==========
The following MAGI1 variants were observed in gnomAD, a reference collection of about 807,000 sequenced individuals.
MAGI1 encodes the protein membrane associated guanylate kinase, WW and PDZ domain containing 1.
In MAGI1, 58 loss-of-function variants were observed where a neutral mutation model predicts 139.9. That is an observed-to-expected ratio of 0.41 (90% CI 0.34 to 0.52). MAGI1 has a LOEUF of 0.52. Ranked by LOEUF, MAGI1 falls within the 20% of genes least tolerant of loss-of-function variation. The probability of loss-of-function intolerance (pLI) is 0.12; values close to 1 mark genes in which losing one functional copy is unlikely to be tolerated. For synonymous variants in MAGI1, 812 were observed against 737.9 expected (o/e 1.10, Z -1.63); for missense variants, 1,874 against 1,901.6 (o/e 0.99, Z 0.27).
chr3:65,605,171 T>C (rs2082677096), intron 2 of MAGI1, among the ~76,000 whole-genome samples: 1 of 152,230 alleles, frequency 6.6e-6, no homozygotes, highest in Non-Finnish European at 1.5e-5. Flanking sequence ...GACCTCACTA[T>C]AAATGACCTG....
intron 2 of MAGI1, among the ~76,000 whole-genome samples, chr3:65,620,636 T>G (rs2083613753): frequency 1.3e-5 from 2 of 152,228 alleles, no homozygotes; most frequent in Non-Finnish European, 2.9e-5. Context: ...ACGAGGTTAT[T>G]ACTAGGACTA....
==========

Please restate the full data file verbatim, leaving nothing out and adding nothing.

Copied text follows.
The following MAGI1 variants were observed in gnomAD, a reference collection of about 807,000 sequenced individuals.
MAGI1 encodes the protein membrane associated guanylate kinase, WW and PDZ domain containing 1.
In MAGI1, 58 loss-of-function variants were observed where a neutral mutation model predicts 139.9. That is an observed-to-expected ratio of 0.41 (90% CI 0.34 to 0.52). MAGI1 has a LOEUF of 0.52. Ranked by LOEUF, MAGI1 falls within the 20% of genes least tolerant of loss-of-function variation. The probability of loss-of-function intolerance (pLI) is 0.12; values close to 1 mark genes in which losing one functional copy is unlikely to be tolerated. For synonymous variants in MAGI1, 812 were observed against 737.9 expected (o/e 1.10, Z -1.63); for missense variants, 1,874 against 1,901.6 (o/e 0.99, Z 0.27).
chr3:65,605,171 T>C (rs2082677096), intron 2 of MAGI1, among the ~76,000 whole-genome samples: 1 of 152,230 alleles, frequency 6.6e-6, no homozygotes, highest in Non-Finnish European at 1.5e-5. Flanking sequence ...GACCTCACTA[T>C]AAATGACCTG....
intron 2 of MAGI1, among the ~76,000 whole-genome samples, chr3:65,620,636 T>G (rs2083613753): frequency 1.3e-5 from 2 of 152,228 alleles, no homozygotes; most frequent in Non-Finnish European, 2.9e-5. Context: ...ACGAGGTTAT[T>G]ACTAGGACTA....